Pat, Personally

Tuesday, November 4, 2014

Increasing student achievement

Two weeks ago, I gathered in Milwaukee with superintendents and trustees from 61 other urban school districts to talk about how we can increase academic performance for our male students of color.

It was interesting to hear from district leaders from around the country, and to realize we are all grappling with the same issues when it comes to increasing student achievement for minority and low-income students.

We are all asking the same question, “How do we put all students on the right path, and what significant changes can we enact to make a difference in every one of their lives?”

The Clark County School District representatives to this Council of Great City Schools event were glad to find out that our school district is actually significantly ahead of many of our peer school districts on this issue.

This year, we are starting a cultural competency training for all administrators and new teachers, with plans to expand the professional development in future years.

Our new graduation tracker better identifies students who are in danger of not graduating earlier in their high school careers – so we can provide support and interventions before students drop out.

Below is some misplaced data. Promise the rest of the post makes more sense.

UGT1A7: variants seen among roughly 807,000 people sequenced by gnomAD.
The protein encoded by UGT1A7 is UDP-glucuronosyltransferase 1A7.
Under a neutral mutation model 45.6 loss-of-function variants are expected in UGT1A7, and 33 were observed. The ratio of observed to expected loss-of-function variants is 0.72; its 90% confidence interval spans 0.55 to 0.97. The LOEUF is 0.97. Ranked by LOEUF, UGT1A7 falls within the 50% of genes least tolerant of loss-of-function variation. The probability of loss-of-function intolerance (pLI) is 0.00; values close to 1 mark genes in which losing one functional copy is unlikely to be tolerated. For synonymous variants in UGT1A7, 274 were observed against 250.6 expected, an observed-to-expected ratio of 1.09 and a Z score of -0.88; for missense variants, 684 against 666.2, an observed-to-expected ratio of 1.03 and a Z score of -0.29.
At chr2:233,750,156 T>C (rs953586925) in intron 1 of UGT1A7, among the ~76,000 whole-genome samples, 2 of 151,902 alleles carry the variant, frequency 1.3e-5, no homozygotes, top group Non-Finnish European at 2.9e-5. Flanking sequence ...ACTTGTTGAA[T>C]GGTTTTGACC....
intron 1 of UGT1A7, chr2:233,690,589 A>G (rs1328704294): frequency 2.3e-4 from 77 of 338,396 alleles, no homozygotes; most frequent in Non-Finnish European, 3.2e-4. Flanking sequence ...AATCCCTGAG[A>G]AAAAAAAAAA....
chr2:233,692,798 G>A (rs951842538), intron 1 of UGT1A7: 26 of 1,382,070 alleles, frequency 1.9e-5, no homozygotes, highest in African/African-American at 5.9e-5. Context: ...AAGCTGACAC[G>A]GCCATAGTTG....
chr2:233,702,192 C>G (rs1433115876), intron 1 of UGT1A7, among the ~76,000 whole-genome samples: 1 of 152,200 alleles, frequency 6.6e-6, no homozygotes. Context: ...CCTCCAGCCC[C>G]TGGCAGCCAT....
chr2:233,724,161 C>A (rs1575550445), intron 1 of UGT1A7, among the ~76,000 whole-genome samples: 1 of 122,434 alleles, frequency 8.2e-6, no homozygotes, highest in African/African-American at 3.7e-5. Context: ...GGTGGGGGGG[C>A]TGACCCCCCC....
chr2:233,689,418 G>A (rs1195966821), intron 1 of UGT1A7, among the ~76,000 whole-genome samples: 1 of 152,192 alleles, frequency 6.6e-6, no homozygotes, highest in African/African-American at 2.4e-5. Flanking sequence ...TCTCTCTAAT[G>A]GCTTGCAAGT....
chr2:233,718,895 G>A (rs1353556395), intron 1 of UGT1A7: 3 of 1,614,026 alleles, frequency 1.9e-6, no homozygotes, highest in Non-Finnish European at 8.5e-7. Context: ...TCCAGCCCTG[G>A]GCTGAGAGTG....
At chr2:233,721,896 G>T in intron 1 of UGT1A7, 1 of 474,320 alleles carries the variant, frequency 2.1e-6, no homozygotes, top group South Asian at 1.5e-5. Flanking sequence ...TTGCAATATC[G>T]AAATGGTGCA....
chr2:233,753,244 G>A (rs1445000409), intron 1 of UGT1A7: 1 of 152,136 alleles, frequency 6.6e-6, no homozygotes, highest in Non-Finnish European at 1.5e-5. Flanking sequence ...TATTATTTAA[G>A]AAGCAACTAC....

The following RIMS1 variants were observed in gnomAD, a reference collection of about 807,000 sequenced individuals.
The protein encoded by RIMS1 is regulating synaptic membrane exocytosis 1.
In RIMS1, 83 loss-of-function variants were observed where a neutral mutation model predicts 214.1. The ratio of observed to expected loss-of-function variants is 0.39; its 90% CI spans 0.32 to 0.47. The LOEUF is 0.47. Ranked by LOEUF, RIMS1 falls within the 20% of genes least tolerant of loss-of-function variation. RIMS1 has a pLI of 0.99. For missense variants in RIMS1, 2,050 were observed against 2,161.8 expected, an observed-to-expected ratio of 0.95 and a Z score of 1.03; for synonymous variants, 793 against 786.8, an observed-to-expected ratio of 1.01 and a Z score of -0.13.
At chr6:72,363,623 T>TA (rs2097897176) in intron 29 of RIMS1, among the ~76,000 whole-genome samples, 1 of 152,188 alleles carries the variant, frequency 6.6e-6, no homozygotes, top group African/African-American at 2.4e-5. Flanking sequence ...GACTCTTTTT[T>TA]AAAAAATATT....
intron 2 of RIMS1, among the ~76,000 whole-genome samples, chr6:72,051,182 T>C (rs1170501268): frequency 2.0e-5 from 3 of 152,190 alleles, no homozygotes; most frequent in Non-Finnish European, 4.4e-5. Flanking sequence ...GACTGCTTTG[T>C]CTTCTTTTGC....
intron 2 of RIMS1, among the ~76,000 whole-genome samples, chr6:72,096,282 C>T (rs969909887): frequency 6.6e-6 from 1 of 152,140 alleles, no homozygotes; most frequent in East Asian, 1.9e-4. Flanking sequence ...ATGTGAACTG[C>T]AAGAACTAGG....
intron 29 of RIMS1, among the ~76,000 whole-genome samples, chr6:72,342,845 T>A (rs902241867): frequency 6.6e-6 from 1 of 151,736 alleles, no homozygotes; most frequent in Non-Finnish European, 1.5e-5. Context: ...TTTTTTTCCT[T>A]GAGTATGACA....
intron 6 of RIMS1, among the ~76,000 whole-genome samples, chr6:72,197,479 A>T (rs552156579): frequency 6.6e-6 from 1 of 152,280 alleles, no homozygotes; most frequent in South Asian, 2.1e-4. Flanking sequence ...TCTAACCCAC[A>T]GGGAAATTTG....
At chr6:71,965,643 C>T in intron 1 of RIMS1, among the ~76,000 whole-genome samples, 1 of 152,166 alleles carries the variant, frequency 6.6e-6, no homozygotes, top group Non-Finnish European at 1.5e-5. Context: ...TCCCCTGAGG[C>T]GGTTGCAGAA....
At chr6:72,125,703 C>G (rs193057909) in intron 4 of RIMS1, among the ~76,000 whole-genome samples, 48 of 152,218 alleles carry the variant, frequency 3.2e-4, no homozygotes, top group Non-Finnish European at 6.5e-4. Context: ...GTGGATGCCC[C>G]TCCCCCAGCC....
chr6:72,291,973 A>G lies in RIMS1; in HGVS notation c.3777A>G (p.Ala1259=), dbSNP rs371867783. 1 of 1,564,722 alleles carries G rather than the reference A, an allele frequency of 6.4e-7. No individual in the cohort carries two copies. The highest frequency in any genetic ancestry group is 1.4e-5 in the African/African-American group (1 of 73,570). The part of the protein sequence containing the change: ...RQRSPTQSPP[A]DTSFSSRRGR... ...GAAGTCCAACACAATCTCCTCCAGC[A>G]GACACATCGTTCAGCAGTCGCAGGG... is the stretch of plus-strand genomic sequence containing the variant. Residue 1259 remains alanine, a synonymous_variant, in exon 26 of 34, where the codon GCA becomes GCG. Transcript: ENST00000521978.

And we are implementing grants in 71 middle and high schools this year for the schools to pilot behavior modification programs that catch students when they first get in trouble – before they are suspended or expelled.

We are also actively engaged in the My Brother’s Keeper program that works nationally to combine the efforts of school districts and communities to ensure the academic success of young men of color. Las Vegas Mayor Carolyn Goodman just announced last week she is contributing to the effort, as well.

Being with these other district leaders help reaffirm the hard work our school district is doing on this issue, and I hope we eventually become a national model. I look forward to providing you with updates on how these initiatives impact student achievement for every student in every classroom.